"O L-RD, Who are my power and my strength and my refuge in the day of trouble, to You nations will come from the ends of the earth and say, 'Only lies have our fathers handed down to us, emptiness in which there is nothing of any avail! Can a man make gods for himself, and they are no gods? 'Therefore, behold I let them know; at this time I will let them know My power and My might, and they shall know that My Name is the L-RD".
Jeremiah 16:19-21

Over Sukkos, as we took the arba minim in hand, I was reminded of of a teaching of the Ba’al Shem Tov, which in turn reminded me of an old joke they tell. To which I added a little something of my own at the end.

A man knocks on the door of his friend the Rabbi.

I’ve come to you because I wish to study Talmud/Gemara.”

“Do you know Aramaic?” the rabbi asks.

“No.”

“Hebrew?”

“No.”

“Have you studied Torah?”

“No, Rabbi. But don’t worry. I graduated Berkeley summa cum laude in philosophy, and just finished my doctoral dissertation at Harvard on Socratic logic. So now, I would just like to round out my education with a little study of the Talmud.”

Ah! “you seem like quite the intelligent young man,” the rabbi says, “but I seriously doubt that you are ready to study Talmud. For to study Torah it is not enough to be intelligent, to understand Torah you need to have a Yiddishe kup, or at least a Gemara kup. And I doubt that you have either! If you wish, however, I am willing to examine if you have a Gemara kup, and if you pass the test I will teach you Talmud.”

“Go ahead” said the man.

The rabbi begins his questioning, “If two men come down a chimney and one emerges dirty and the other clean, which one will wash himself?” Confused by the simplicity of the question, the man answered, “That’s obvious, the dirty man will wash himself.”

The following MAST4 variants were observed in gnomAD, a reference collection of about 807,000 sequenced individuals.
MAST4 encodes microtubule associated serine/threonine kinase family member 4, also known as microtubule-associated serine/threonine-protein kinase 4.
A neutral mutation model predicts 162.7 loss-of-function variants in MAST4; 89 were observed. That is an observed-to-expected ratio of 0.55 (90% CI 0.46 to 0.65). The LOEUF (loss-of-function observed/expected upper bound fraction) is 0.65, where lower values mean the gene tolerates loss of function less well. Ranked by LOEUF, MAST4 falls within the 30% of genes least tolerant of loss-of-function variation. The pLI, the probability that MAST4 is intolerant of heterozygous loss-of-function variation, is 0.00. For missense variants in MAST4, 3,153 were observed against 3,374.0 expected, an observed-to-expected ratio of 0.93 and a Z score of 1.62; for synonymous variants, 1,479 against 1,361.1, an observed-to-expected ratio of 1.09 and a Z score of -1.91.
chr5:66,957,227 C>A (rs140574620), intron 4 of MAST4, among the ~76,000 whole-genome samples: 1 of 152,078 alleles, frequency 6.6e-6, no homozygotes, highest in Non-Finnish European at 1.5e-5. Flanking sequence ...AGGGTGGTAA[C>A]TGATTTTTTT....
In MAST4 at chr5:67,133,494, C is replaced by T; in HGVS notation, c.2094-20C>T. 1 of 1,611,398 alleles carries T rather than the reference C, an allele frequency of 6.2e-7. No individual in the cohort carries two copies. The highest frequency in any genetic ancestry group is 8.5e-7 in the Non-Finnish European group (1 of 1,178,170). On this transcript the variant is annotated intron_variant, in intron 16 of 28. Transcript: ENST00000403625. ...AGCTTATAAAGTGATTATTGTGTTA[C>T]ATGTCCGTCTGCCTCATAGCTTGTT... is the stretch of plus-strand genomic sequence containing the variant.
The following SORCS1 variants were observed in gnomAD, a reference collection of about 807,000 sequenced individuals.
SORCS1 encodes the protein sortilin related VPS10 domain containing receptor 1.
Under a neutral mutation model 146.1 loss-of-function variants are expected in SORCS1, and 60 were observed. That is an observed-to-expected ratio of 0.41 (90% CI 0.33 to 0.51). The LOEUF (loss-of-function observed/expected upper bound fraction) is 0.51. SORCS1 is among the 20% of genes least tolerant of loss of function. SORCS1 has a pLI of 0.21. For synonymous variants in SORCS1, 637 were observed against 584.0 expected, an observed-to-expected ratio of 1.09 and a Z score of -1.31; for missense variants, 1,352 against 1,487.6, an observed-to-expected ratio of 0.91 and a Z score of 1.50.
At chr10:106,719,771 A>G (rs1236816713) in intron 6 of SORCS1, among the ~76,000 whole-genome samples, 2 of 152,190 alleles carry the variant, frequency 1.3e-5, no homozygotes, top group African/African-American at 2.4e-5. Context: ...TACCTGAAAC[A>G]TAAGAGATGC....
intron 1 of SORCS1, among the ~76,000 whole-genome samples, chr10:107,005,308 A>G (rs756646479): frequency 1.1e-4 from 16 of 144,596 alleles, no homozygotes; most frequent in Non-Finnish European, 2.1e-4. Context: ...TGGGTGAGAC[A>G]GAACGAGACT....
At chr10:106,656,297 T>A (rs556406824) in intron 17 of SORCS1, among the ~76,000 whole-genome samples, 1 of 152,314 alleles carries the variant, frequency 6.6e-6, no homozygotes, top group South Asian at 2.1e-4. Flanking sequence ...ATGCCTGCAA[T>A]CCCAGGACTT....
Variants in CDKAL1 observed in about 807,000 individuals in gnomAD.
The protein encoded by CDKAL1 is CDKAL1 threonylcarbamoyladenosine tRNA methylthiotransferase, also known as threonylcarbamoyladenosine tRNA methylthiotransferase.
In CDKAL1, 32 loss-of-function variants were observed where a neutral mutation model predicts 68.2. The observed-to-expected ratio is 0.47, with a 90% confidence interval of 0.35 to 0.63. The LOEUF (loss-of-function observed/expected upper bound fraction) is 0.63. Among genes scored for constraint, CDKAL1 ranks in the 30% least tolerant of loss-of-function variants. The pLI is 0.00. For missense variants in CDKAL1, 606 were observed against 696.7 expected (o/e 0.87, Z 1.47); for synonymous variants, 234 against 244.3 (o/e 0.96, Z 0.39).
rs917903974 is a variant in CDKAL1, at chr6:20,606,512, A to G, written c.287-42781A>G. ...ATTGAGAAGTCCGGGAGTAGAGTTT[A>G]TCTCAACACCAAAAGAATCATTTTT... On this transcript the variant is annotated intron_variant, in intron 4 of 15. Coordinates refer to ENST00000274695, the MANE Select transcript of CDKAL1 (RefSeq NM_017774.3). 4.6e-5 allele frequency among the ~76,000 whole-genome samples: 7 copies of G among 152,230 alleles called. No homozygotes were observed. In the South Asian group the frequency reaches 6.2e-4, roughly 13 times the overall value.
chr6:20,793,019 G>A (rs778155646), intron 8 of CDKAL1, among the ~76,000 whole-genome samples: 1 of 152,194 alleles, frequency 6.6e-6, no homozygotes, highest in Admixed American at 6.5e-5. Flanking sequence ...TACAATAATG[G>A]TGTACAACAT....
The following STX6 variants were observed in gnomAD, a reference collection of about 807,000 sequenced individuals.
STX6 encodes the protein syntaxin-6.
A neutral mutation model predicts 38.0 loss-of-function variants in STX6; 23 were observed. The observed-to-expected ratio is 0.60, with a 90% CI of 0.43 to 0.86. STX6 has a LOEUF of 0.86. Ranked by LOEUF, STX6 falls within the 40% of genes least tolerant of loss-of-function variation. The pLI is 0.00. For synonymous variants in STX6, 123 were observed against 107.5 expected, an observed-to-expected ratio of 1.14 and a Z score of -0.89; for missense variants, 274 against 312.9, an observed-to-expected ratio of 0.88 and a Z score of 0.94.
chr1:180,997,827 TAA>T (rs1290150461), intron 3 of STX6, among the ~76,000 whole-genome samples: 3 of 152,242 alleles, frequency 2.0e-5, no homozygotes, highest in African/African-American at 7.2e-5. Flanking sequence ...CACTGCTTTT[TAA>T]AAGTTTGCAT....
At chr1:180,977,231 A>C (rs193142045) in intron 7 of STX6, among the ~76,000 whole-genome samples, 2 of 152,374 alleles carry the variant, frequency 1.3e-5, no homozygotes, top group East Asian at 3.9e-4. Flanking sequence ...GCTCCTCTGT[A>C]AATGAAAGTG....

“See, I told you” said the Rabbi, “you just don’t have a the Gemara kup necessary to understand Torah. Why would the one with the dirty face wash his face if he looks at his friend with the clean face and thinks his face is clean as well so he doesn’t bother washing his face. On the other hand, the one with the clean face looks at his friend with the dirty face and thinks his face is dirty. So the one with the clean face goes to wash his face.”

The man says with excitement “that exactly why I want to learn Torah! Such intelligence is what I’m missing! Please teach me Torah!

“Well” says the Rabbi wearily, “let’s try again”. “Go ahead Rabbi” says the man, “this time I’m ready.”

So the Rabbi asks: “Two men come down a chimney. One comes out with a clean face, the other come out with a dirty face. Which one washes his face?”

The man smiles and says, “I know that! You just told me! The man who is clean sees his friend who is dirty, thinking that he is dirty too, he washes his face because he thinks he is dirty, while the man with the dirty face sees his friend with the clean face, so he doesn’t bother, because he assumes that his face is clean.”

“Oy!” says the Rabbi. I told you that you don’t have a Gemara kup! How can I teach you Torah? “Huh! What are you talking about?” says the man.